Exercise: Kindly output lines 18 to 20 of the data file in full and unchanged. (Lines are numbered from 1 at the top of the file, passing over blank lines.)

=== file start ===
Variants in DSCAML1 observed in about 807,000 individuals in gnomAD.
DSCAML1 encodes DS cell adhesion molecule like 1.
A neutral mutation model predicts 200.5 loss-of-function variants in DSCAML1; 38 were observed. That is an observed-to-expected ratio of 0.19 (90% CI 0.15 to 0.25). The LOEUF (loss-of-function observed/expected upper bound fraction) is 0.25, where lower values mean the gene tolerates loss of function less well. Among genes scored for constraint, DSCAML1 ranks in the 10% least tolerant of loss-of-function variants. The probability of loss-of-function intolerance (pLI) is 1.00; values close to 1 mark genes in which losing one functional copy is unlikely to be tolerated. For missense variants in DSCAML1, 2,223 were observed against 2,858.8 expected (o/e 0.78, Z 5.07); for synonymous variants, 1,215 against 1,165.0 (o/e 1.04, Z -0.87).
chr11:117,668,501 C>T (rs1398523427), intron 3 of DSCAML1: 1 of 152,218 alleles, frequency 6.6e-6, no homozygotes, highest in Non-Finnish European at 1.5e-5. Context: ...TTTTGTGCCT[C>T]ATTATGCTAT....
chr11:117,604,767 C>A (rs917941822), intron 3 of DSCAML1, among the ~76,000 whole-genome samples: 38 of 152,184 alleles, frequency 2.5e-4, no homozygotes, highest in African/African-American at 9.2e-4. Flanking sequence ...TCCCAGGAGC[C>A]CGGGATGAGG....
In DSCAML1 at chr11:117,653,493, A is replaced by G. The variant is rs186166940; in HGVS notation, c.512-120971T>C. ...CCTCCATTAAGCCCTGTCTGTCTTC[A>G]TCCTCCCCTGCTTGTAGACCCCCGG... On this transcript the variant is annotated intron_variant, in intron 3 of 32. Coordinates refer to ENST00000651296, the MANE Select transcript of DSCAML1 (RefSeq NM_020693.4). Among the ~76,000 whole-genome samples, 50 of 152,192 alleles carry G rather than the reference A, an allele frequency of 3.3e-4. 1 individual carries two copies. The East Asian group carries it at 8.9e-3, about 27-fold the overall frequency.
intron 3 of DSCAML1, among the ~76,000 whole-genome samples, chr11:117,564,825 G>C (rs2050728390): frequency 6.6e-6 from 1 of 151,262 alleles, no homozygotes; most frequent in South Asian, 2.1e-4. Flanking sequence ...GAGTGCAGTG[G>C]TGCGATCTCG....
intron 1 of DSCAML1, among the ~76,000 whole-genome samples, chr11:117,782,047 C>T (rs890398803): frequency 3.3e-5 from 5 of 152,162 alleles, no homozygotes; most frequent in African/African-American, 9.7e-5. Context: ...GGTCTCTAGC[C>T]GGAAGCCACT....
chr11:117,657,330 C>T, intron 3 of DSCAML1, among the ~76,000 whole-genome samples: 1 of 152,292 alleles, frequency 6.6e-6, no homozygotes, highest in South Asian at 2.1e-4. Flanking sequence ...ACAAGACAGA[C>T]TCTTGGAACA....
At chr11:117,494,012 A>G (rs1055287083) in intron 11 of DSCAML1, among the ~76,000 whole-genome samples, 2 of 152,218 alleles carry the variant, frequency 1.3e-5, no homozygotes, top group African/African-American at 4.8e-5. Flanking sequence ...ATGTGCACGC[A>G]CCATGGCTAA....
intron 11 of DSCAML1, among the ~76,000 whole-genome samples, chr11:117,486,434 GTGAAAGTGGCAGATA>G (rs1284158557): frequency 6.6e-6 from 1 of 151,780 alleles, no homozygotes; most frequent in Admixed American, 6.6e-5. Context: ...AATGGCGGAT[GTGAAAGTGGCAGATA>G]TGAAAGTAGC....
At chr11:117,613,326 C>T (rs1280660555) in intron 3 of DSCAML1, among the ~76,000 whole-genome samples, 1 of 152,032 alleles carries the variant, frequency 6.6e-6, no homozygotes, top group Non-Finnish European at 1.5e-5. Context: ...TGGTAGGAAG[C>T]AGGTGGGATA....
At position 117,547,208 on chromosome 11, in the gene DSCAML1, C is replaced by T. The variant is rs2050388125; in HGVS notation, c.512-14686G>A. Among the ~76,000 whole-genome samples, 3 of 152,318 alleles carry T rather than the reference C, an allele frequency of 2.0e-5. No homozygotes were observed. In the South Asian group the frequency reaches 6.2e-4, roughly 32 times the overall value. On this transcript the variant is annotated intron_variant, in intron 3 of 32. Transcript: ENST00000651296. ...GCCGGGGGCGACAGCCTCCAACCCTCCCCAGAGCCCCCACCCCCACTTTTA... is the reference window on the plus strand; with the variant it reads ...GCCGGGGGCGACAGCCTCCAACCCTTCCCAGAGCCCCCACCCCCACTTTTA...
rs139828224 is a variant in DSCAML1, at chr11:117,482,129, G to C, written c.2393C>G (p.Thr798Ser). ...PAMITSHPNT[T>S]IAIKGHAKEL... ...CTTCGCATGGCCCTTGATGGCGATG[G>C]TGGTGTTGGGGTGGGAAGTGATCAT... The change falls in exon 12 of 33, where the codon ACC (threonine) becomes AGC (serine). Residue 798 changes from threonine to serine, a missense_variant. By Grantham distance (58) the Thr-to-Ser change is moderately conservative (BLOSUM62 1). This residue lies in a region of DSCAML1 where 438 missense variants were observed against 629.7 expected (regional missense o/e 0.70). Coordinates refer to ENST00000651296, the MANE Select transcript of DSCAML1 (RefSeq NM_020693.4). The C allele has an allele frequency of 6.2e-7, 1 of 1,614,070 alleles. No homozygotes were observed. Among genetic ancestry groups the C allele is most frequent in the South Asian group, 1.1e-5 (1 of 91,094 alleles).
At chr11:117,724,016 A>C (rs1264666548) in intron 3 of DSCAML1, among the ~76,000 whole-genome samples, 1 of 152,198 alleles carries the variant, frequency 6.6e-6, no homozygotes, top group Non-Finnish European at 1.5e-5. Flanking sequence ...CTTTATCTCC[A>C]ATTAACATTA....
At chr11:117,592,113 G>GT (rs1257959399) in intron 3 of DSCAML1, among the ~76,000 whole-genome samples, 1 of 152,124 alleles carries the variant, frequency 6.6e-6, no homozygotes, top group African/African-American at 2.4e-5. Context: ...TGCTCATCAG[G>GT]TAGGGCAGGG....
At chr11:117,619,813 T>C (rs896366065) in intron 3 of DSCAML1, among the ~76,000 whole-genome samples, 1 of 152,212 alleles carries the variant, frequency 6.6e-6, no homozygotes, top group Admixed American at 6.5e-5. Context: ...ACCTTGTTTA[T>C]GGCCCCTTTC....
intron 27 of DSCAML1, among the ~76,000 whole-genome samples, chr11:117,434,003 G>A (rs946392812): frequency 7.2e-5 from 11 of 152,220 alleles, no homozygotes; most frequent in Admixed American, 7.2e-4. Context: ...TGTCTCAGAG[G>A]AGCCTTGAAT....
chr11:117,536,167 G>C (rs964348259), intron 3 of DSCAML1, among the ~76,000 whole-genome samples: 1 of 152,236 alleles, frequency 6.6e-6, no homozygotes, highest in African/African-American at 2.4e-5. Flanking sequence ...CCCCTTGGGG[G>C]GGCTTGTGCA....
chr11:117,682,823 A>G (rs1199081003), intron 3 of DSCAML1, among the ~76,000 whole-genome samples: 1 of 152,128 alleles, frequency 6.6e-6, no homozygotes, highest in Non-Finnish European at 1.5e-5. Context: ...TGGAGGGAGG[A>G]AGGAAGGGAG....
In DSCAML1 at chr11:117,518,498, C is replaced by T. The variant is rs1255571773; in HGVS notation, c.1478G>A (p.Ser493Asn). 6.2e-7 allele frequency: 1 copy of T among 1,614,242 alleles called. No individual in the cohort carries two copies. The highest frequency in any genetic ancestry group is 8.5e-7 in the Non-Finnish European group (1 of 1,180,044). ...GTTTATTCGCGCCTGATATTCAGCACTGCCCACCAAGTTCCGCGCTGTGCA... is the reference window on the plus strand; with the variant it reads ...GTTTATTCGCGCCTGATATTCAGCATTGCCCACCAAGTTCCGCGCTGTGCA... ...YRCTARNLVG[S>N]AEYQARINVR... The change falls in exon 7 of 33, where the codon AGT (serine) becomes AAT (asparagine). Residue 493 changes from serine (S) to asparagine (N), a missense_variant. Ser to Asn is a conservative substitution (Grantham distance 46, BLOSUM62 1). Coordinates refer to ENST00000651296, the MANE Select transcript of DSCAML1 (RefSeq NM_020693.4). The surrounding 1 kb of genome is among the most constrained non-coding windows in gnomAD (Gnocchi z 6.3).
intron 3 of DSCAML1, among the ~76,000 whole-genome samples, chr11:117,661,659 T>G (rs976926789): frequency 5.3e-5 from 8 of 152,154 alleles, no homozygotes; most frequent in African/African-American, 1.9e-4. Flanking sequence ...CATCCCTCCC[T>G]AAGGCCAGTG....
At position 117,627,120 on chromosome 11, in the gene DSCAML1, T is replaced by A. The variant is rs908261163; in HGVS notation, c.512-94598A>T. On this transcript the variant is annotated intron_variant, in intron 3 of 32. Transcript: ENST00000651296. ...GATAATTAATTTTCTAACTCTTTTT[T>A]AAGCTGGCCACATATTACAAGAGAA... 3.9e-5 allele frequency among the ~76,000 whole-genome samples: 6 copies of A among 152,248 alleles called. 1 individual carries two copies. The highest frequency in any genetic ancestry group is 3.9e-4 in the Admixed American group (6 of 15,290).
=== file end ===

intron 27 of DSCAML1, among the ~76,000 whole-genome samples, chr11:117,434,003 G>A (rs946392812): frequency 7.2e-5 from 11 of 152,220 alleles, no homozygotes; most frequent in Admixed American, 7.2e-4. Context: ...TGTCTCAGAG[G>A]AGCCTTGAAT....
chr11:117,536,167 G>C (rs964348259), intron 3 of DSCAML1, among the ~76,000 whole-genome samples: 1 of 152,236 alleles, frequency 6.6e-6, no homozygotes, highest in African/African-American at 2.4e-5. Flanking sequence ...CCCCTTGGGG[G>C]GGCTTGTGCA....
chr11:117,682,823 A>G (rs1199081003), intron 3 of DSCAML1, among the ~76,000 whole-genome samples: 1 of 152,128 alleles, frequency 6.6e-6, no homozygotes, highest in Non-Finnish European at 1.5e-5. Context: ...TGGAGGGAGG[A>G]AGGAAGGGAG....